Animal Writes
3 June 2001 Issue
Animal Altruism

from Andrew Gach - [email protected] 

Everyone has heard stories of how a dog or cat comforted its sad or frightened owner. But what about a Labrador retriever that barked for an hour in the snow to summon help for a stranger who had fallen into a river? Or the cat in Hawaii who led a woman to some puppies that had fallen into a 12-foot-deep crack in the earth?

Or Beauty, a horse that -- while swimming in a rushing river to try to save her colt -- nudged a stranger toward the safety of the shore before rescuing her foal? (The man had jumped in to try, unsuccessfully, to help the horses.) Stories like these seem to show that animals are capable of being virtuous, says Kristin von Kreisler.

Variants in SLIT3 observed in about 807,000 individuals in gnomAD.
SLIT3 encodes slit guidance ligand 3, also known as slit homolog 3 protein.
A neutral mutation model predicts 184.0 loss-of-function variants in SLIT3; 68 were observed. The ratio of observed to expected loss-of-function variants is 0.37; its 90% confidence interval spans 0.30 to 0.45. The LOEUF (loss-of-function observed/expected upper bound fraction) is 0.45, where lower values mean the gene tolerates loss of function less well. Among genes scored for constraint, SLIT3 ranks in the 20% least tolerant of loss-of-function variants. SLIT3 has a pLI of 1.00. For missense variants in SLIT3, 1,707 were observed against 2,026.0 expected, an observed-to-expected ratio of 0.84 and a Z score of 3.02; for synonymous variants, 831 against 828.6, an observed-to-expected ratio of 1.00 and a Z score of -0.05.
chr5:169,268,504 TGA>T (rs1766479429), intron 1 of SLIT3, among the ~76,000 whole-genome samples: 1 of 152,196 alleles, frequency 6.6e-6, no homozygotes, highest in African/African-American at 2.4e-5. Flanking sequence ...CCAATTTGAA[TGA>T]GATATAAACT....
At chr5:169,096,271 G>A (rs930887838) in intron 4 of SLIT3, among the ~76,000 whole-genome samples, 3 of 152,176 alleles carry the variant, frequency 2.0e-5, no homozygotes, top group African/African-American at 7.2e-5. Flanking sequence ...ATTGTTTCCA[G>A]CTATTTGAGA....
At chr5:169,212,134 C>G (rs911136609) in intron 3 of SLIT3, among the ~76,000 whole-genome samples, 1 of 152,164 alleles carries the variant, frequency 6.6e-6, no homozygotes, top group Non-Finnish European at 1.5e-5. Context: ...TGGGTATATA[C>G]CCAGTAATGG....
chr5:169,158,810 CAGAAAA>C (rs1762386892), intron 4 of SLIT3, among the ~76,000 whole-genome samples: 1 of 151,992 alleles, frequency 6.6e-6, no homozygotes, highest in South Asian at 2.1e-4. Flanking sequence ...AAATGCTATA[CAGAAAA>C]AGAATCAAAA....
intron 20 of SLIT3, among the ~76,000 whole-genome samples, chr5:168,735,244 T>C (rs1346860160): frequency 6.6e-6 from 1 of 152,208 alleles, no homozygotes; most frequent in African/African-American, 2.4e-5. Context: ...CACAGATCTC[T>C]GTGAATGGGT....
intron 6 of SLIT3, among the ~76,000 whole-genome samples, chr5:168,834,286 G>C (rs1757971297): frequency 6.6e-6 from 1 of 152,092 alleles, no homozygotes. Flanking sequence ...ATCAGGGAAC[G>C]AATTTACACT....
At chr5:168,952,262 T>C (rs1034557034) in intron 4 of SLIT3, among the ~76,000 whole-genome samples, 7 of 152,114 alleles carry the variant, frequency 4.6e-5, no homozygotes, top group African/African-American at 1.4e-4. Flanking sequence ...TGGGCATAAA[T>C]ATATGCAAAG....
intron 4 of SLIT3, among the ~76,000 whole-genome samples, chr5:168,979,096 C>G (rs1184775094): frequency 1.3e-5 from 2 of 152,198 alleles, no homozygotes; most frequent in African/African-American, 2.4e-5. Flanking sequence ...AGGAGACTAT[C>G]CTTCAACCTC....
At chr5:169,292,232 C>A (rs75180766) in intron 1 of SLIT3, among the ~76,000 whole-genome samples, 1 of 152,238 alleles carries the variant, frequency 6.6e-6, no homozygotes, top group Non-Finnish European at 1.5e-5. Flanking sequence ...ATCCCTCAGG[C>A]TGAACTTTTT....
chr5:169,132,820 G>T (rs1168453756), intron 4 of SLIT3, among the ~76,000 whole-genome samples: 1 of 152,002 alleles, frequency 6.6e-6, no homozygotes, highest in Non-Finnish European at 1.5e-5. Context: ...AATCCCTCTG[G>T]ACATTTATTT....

She has compiled hundreds of similar stories and put them in a book ("Beauty in the Beasts: True Stories of Animals Who Choose to Do Good," published by Tarcher/Putnam). Von Kreisler says the stories prove that animals aren't always motivated by instinct or self-preservation. This is a controversial view among scientists.

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